The Stacks project

\begin{equation*} \DeclareMathOperator\Coim{Coim} \DeclareMathOperator\Coker{Coker} \DeclareMathOperator\Ext{Ext} \DeclareMathOperator\Hom{Hom} \DeclareMathOperator\Im{Im} \DeclareMathOperator\Ker{Ker} \DeclareMathOperator\Mor{Mor} \DeclareMathOperator\Ob{Ob} \DeclareMathOperator\Sh{Sh} \DeclareMathOperator\SheafExt{\mathcal{E}\mathit{xt}} \DeclareMathOperator\SheafHom{\mathcal{H}\mathit{om}} \DeclareMathOperator\Spec{Spec} \newcommand\colim{\mathop{\mathrm{colim}}\nolimits} \newcommand\lim{\mathop{\mathrm{lim}}\nolimits} \newcommand\Qcoh{\mathit{Qcoh}} \newcommand\Sch{\mathit{Sch}} \newcommand\QCohstack{\mathcal{QC}\!\mathit{oh}} \newcommand\Cohstack{\mathcal{C}\!\mathit{oh}} \newcommand\Spacesstack{\mathcal{S}\!\mathit{paces}} \newcommand\Quotfunctor{\mathrm{Quot}} \newcommand\Hilbfunctor{\mathrm{Hilb}} \newcommand\Curvesstack{\mathcal{C}\!\mathit{urves}} \newcommand\Polarizedstack{\mathcal{P}\!\mathit{olarized}} \newcommand\Complexesstack{\mathcal{C}\!\mathit{omplexes}} \newcommand\Pic{\mathop{\mathrm{Pic}}\nolimits} \newcommand\Picardstack{\mathcal{P}\!\mathit{ic}} \newcommand\Picardfunctor{\mathrm{Pic}} \newcommand\Deformationcategory{\mathcal{D}\!\mathit{ef}} \end{equation*}

Lemma 21.26.1. In the situation above, choose a K-injective complex $\mathcal{I}^\bullet $ of $\mathcal{O}$-modules representing $K$. Using $-1$ times the canonical map for one of the four arrows we get maps of complexes

\[ \mathcal{I}^\bullet (X) \xrightarrow {\alpha } \mathcal{I}^\bullet (Z) \oplus \mathcal{I}^\bullet (Y) \xrightarrow {\beta } \mathcal{I}^\bullet (E) \]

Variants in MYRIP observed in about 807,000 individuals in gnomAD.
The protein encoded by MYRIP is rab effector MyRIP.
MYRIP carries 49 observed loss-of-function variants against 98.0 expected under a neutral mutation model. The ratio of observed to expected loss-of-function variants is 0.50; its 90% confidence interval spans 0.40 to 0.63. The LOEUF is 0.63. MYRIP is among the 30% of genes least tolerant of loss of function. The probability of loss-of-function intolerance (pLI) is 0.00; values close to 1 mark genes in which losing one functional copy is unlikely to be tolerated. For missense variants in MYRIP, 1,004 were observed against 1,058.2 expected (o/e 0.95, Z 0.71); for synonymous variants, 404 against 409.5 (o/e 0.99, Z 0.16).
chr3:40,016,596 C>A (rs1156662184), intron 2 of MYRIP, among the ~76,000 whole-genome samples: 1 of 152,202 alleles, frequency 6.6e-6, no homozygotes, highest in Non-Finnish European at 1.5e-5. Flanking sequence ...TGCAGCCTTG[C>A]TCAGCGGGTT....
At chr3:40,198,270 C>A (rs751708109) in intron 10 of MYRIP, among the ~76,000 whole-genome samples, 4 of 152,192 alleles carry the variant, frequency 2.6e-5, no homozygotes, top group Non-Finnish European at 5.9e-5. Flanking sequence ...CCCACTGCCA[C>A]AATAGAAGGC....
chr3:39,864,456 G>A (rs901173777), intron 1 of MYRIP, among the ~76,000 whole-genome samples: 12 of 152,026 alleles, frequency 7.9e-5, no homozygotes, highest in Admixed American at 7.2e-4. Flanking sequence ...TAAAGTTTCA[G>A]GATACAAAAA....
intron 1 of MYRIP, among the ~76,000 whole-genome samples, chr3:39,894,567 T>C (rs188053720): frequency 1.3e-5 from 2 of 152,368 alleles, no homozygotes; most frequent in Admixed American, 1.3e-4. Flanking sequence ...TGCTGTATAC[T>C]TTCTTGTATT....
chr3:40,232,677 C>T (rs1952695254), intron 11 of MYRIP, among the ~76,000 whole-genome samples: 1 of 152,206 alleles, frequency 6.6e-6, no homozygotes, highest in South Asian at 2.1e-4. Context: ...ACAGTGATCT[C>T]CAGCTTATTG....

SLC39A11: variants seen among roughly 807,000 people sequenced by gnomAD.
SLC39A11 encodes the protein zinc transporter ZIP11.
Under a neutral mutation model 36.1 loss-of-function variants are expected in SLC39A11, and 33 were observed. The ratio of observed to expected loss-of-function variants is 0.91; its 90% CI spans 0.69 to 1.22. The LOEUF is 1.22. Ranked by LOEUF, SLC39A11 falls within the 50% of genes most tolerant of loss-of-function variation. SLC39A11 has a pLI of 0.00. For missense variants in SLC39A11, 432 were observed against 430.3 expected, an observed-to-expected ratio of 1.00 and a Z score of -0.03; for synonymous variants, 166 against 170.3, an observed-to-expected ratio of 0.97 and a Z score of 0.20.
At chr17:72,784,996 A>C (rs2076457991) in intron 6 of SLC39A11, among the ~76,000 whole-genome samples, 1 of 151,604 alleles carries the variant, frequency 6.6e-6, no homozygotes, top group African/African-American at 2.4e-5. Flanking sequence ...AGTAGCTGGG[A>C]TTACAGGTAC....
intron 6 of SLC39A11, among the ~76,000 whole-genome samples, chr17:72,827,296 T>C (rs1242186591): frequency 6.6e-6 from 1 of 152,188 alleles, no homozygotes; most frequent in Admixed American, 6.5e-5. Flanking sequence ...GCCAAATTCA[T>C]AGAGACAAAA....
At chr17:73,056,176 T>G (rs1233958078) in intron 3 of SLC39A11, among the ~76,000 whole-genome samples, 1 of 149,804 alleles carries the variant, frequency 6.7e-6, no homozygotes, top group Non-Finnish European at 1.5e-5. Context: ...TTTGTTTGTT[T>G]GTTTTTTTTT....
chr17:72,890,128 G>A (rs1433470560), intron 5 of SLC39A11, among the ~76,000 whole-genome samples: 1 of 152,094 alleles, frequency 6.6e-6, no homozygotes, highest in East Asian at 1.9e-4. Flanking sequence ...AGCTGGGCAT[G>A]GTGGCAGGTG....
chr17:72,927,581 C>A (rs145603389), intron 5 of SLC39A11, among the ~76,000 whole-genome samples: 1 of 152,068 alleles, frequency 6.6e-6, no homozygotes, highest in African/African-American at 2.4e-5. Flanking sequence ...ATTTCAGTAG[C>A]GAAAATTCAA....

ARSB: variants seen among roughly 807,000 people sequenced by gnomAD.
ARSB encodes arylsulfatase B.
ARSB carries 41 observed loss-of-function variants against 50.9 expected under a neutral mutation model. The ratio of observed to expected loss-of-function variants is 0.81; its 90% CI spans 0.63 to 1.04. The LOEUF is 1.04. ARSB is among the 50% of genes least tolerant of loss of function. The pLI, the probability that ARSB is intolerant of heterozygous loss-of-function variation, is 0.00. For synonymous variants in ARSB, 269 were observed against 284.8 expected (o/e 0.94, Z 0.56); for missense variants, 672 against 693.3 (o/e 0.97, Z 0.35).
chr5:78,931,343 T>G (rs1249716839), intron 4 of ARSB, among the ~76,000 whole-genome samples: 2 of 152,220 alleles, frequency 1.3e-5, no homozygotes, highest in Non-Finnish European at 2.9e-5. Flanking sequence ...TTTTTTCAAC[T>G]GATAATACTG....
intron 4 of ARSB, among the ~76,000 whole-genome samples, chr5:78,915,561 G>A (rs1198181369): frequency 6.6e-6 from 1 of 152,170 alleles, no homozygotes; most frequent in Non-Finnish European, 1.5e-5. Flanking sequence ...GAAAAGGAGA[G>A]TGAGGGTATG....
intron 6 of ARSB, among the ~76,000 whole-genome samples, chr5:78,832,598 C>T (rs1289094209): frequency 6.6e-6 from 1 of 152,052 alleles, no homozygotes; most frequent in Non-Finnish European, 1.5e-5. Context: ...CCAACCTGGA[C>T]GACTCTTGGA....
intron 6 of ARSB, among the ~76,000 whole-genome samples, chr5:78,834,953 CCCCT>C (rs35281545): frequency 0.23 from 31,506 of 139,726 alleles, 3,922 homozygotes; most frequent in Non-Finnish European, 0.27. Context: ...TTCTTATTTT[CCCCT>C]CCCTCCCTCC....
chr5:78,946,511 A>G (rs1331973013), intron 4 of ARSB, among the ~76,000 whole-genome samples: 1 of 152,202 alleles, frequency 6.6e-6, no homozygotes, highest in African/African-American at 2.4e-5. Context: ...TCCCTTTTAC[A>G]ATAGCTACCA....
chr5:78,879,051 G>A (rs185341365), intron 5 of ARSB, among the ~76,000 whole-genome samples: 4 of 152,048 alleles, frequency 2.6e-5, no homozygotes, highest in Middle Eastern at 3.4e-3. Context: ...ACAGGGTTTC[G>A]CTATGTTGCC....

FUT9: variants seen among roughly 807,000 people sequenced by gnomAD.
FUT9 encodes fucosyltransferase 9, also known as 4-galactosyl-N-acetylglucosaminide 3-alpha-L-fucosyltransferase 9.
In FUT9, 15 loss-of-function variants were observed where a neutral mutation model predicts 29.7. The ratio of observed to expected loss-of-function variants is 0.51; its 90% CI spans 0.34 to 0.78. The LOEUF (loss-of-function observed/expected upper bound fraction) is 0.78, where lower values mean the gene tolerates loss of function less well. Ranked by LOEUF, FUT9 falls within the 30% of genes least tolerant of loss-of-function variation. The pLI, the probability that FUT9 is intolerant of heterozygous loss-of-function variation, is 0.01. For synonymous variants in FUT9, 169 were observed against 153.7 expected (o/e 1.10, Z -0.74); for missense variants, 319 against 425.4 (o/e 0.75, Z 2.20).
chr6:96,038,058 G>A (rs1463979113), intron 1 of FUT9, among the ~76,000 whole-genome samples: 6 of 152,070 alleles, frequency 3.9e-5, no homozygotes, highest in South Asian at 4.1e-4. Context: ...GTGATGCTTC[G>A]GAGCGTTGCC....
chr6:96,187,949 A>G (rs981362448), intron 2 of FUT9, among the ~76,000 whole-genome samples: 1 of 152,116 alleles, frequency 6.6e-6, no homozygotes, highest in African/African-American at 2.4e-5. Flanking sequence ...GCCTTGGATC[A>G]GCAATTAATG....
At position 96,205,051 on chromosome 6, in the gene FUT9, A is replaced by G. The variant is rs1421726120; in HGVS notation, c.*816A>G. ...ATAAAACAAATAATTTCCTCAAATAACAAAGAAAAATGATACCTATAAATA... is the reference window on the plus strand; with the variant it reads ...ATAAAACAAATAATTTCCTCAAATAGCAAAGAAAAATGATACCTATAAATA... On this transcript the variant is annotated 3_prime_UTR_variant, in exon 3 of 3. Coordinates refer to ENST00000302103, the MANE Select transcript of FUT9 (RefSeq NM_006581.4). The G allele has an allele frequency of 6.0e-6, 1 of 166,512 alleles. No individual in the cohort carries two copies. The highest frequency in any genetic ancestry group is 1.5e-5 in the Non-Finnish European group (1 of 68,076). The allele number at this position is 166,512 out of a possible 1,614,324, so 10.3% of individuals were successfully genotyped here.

with $\beta \circ \alpha = 0$. Thus a canonical map

\[ c^ K_{X, Z, Y, E} : \mathcal{I}^\bullet (X) \longrightarrow C(\beta )^\bullet [-1] \]

This map is canonical in the sense that a different choice of K-injective complex representing $K$ determines an isomorphic arrow in the derived category of abelian groups. If $c^ K_{X, Z, Y, E}$ is an isomorphism, then using its inverse we obtain a canonical distinguished triangle

\[ R\Gamma (X, K) \to R\Gamma (Z, K) \oplus R\Gamma (Y, K) \to R\Gamma (E, K) \to R\Gamma (X, K)[1] \]

All of these constructions are functorial in $K$.

Proof. This lemma proves itself. For example, if $\mathcal{J}^\bullet $ is a second K-injective complex representing $K$, then we can choose a quasi-isomorphism $\mathcal{I}^\bullet \to \mathcal{J}^\bullet $ which determines quasi-isomorphisms between all the complexes in sight. Details omitted. For the construction of cones and the relationship with distinguished triangles see Derived Categories, Sections 13.9 and 13.10. $\square$


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